Very cool stuff indeed. I need to read most about the underlying algorithms where genetic programming was used to generate "human competitive" results, but this is pretty neat stuff. A lot of my own thinking about AI tends towards self-modifying programs (in essense, more in a bit), though I do have some questions about "genetic" programing - primarily how you create a "fitness test" and allow for variablity.
(think about it in terms of how do you tell whether or not the software that is being generated is "good" or "bad" - and allow for variability in the techniques and algorithms used, but in some effective manner. It is not exactly a simple issue)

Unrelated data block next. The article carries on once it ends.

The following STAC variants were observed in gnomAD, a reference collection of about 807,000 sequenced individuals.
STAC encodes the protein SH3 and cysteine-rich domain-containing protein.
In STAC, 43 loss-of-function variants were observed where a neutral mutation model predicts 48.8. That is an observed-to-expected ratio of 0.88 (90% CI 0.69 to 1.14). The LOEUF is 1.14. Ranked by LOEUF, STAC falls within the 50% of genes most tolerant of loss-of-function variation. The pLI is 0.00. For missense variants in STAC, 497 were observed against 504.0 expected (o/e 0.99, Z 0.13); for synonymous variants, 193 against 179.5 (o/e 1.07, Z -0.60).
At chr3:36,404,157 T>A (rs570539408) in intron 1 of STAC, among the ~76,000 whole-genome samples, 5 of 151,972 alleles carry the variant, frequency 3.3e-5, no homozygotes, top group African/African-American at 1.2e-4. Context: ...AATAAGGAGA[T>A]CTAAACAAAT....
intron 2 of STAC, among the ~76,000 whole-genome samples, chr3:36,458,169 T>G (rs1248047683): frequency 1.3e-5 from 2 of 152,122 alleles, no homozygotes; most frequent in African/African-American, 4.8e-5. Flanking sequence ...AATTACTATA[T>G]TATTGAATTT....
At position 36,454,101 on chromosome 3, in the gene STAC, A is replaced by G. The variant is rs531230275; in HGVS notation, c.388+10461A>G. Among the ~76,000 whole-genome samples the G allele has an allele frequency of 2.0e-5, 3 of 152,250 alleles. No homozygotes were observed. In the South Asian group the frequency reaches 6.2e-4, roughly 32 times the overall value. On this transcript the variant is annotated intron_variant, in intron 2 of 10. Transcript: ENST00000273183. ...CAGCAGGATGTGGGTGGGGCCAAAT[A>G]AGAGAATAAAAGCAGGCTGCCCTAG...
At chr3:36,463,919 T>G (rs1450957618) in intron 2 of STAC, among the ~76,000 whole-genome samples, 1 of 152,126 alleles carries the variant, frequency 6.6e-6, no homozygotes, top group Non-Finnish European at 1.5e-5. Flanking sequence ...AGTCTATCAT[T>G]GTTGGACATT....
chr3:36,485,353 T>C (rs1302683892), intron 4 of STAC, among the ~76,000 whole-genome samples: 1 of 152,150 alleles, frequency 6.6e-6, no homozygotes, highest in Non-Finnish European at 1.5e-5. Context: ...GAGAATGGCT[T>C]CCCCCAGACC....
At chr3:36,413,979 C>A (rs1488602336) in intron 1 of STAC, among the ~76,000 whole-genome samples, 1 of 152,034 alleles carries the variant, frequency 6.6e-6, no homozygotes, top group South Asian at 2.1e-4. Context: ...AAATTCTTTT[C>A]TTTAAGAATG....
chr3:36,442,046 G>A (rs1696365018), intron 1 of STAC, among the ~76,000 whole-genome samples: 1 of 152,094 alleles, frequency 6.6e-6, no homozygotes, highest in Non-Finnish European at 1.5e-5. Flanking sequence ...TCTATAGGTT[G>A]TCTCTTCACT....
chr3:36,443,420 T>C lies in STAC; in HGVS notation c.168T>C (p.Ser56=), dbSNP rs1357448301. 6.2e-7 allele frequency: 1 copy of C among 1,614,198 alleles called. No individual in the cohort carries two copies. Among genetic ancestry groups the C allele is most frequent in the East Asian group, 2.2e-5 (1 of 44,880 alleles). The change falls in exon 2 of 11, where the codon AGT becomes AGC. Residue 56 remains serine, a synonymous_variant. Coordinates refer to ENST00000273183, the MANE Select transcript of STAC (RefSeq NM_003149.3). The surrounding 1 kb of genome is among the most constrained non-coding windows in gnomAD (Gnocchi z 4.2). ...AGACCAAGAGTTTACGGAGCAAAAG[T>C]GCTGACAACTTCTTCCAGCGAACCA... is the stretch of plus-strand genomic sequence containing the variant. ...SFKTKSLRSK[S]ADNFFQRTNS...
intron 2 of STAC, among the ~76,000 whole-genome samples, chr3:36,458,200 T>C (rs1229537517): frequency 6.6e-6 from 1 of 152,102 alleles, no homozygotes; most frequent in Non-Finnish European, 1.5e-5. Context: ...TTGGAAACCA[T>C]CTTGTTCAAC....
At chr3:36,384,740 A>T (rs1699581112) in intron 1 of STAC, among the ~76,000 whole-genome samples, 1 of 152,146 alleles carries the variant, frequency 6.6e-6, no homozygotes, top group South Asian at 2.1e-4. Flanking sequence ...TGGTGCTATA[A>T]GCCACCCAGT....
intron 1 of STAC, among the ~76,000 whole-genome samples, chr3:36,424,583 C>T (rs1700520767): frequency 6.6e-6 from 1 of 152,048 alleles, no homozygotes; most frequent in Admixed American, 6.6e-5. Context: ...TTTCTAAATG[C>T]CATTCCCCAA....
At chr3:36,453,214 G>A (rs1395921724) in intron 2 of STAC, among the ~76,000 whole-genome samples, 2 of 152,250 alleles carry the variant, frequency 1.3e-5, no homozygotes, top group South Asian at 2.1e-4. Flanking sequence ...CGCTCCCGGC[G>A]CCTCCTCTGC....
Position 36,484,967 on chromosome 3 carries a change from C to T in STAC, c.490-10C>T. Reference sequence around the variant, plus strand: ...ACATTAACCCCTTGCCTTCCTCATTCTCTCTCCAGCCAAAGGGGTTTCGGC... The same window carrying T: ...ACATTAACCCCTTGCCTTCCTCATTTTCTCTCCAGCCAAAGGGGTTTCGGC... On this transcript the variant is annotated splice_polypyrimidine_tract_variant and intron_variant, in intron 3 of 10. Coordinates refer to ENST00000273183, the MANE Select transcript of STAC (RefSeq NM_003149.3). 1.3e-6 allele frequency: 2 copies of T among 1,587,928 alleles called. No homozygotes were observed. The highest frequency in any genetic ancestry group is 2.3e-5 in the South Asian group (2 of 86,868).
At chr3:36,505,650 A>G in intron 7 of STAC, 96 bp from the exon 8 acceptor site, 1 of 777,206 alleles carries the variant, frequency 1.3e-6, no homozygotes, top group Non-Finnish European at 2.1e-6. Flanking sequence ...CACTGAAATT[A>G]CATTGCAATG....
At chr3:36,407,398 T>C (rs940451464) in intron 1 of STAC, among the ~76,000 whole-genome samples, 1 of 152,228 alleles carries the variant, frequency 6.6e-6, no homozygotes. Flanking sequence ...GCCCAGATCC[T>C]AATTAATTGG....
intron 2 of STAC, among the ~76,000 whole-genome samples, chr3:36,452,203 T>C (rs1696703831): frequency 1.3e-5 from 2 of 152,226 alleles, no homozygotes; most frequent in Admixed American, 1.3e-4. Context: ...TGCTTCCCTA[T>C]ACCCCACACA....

Most of my AI work involves writing applications that are data driven in an almost literal way - that is, they may literally rewrite their own code (in a limited fashion) based on what they are working with - this can be somewhat confusing stuff but it also allows for highly generalizable solutions with little that is hardcoded about them. It is not a huge stretch for me to then consider where there is some way (or ways) in which I could introduce variablity into the code/test process and morph into writing "genetic algorithms" for much of the work I do (mostly text pattern recognition and data extraction/mapping)